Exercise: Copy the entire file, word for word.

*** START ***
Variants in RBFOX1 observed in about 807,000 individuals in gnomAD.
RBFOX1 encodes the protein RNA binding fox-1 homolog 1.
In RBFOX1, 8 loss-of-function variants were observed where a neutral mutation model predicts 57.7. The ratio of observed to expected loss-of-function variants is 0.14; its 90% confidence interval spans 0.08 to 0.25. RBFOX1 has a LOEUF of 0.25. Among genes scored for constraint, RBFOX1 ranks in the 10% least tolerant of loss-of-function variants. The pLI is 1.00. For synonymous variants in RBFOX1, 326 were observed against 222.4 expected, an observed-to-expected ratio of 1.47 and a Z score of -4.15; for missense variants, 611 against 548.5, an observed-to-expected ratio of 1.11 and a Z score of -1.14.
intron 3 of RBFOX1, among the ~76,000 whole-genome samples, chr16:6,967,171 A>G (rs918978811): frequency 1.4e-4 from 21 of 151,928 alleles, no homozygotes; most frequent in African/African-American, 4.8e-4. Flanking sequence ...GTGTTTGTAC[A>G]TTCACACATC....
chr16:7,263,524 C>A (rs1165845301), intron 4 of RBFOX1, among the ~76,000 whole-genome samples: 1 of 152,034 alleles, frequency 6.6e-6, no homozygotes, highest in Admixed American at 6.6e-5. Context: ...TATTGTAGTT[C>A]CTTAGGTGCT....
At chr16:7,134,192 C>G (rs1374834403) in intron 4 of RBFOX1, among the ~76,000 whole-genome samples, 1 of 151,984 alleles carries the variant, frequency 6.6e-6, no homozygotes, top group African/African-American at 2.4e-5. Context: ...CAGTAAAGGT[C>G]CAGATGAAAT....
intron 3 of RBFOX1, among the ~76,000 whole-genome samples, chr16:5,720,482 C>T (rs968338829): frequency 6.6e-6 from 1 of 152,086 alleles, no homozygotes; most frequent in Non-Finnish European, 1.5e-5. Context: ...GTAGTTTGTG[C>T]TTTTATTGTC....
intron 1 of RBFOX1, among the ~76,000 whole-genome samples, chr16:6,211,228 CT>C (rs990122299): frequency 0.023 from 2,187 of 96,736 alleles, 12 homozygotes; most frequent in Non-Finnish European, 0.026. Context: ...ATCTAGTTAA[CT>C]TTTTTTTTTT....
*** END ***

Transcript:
Variants in RBFOX1 observed in about 807,000 individuals in gnomAD.
RBFOX1 encodes the protein RNA binding fox-1 homolog 1.
In RBFOX1, 8 loss-of-function variants were observed where a neutral mutation model predicts 57.7. The ratio of observed to expected loss-of-function variants is 0.14; its 90% confidence interval spans 0.08 to 0.25. RBFOX1 has a LOEUF of 0.25. Among genes scored for constraint, RBFOX1 ranks in the 10% least tolerant of loss-of-function variants. The pLI is 1.00. For synonymous variants in RBFOX1, 326 were observed against 222.4 expected, an observed-to-expected ratio of 1.47 and a Z score of -4.15; for missense variants, 611 against 548.5, an observed-to-expected ratio of 1.11 and a Z score of -1.14.
intron 3 of RBFOX1, among the ~76,000 whole-genome samples, chr16:6,967,171 A>G (rs918978811): frequency 1.4e-4 from 21 of 151,928 alleles, no homozygotes; most frequent in African/African-American, 4.8e-4. Flanking sequence ...GTGTTTGTAC[A>G]TTCACACATC....
chr16:7,263,524 C>A (rs1165845301), intron 4 of RBFOX1, among the ~76,000 whole-genome samples: 1 of 152,034 alleles, frequency 6.6e-6, no homozygotes, highest in Admixed American at 6.6e-5. Context: ...TATTGTAGTT[C>A]CTTAGGTGCT....
At chr16:7,134,192 C>G (rs1374834403) in intron 4 of RBFOX1, among the ~76,000 whole-genome samples, 1 of 151,984 alleles carries the variant, frequency 6.6e-6, no homozygotes, top group African/African-American at 2.4e-5. Context: ...CAGTAAAGGT[C>G]CAGATGAAAT....
intron 3 of RBFOX1, among the ~76,000 whole-genome samples, chr16:5,720,482 C>T (rs968338829): frequency 6.6e-6 from 1 of 152,086 alleles, no homozygotes; most frequent in Non-Finnish European, 1.5e-5. Context: ...GTAGTTTGTG[C>T]TTTTATTGTC....
intron 1 of RBFOX1, among the ~76,000 whole-genome samples, chr16:6,211,228 CT>C (rs990122299): frequency 0.023 from 2,187 of 96,736 alleles, 12 homozygotes; most frequent in Non-Finnish European, 0.026. Context: ...ATCTAGTTAA[CT>C]TTTTTTTTTT....